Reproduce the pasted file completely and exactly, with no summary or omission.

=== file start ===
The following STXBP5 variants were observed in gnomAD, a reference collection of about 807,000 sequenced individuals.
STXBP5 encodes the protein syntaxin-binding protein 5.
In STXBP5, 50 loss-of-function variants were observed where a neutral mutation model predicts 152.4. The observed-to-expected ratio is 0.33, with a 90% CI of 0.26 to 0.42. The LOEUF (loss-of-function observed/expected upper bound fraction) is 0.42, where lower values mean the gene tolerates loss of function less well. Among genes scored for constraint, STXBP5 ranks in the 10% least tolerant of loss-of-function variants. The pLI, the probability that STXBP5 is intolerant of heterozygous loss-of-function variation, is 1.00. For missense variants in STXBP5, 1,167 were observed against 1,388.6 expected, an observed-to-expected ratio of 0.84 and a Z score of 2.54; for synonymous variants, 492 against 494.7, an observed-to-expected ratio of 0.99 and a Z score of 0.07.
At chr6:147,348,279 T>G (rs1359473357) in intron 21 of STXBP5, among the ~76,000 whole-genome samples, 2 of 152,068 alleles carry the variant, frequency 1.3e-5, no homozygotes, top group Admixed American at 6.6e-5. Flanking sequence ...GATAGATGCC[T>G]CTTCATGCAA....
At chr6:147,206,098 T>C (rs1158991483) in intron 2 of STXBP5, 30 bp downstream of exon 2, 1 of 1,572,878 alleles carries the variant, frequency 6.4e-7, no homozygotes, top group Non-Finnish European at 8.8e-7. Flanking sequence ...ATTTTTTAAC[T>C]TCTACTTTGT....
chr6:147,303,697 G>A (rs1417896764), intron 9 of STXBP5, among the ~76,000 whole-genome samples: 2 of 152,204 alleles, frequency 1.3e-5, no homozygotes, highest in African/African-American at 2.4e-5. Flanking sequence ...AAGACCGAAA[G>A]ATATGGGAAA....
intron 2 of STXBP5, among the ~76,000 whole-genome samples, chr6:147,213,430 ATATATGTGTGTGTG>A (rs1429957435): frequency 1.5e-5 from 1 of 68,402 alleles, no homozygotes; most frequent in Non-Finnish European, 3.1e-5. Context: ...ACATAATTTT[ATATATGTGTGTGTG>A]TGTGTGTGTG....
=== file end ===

The following STXBP5 variants were observed in gnomAD, a reference collection of about 807,000 sequenced individuals.
STXBP5 encodes the protein syntaxin-binding protein 5.
In STXBP5, 50 loss-of-function variants were observed where a neutral mutation model predicts 152.4. The observed-to-expected ratio is 0.33, with a 90% CI of 0.26 to 0.42. The LOEUF (loss-of-function observed/expected upper bound fraction) is 0.42, where lower values mean the gene tolerates loss of function less well. Among genes scored for constraint, STXBP5 ranks in the 10% least tolerant of loss-of-function variants. The pLI, the probability that STXBP5 is intolerant of heterozygous loss-of-function variation, is 1.00. For missense variants in STXBP5, 1,167 were observed against 1,388.6 expected, an observed-to-expected ratio of 0.84 and a Z score of 2.54; for synonymous variants, 492 against 494.7, an observed-to-expected ratio of 0.99 and a Z score of 0.07.
At chr6:147,348,279 T>G (rs1359473357) in intron 21 of STXBP5, among the ~76,000 whole-genome samples, 2 of 152,068 alleles carry the variant, frequency 1.3e-5, no homozygotes, top group Admixed American at 6.6e-5. Flanking sequence ...GATAGATGCC[T>G]CTTCATGCAA....
At chr6:147,206,098 T>C (rs1158991483) in intron 2 of STXBP5, 30 bp downstream of exon 2, 1 of 1,572,878 alleles carries the variant, frequency 6.4e-7, no homozygotes, top group Non-Finnish European at 8.8e-7. Flanking sequence ...ATTTTTTAAC[T>C]TCTACTTTGT....
chr6:147,303,697 G>A (rs1417896764), intron 9 of STXBP5, among the ~76,000 whole-genome samples: 2 of 152,204 alleles, frequency 1.3e-5, no homozygotes, highest in African/African-American at 2.4e-5. Flanking sequence ...AAGACCGAAA[G>A]ATATGGGAAA....
intron 2 of STXBP5, among the ~76,000 whole-genome samples, chr6:147,213,430 ATATATGTGTGTGTG>A (rs1429957435): frequency 1.5e-5 from 1 of 68,402 alleles, no homozygotes; most frequent in Non-Finnish European, 3.1e-5. Context: ...ACATAATTTT[ATATATGTGTGTGTG>A]TGTGTGTGTG....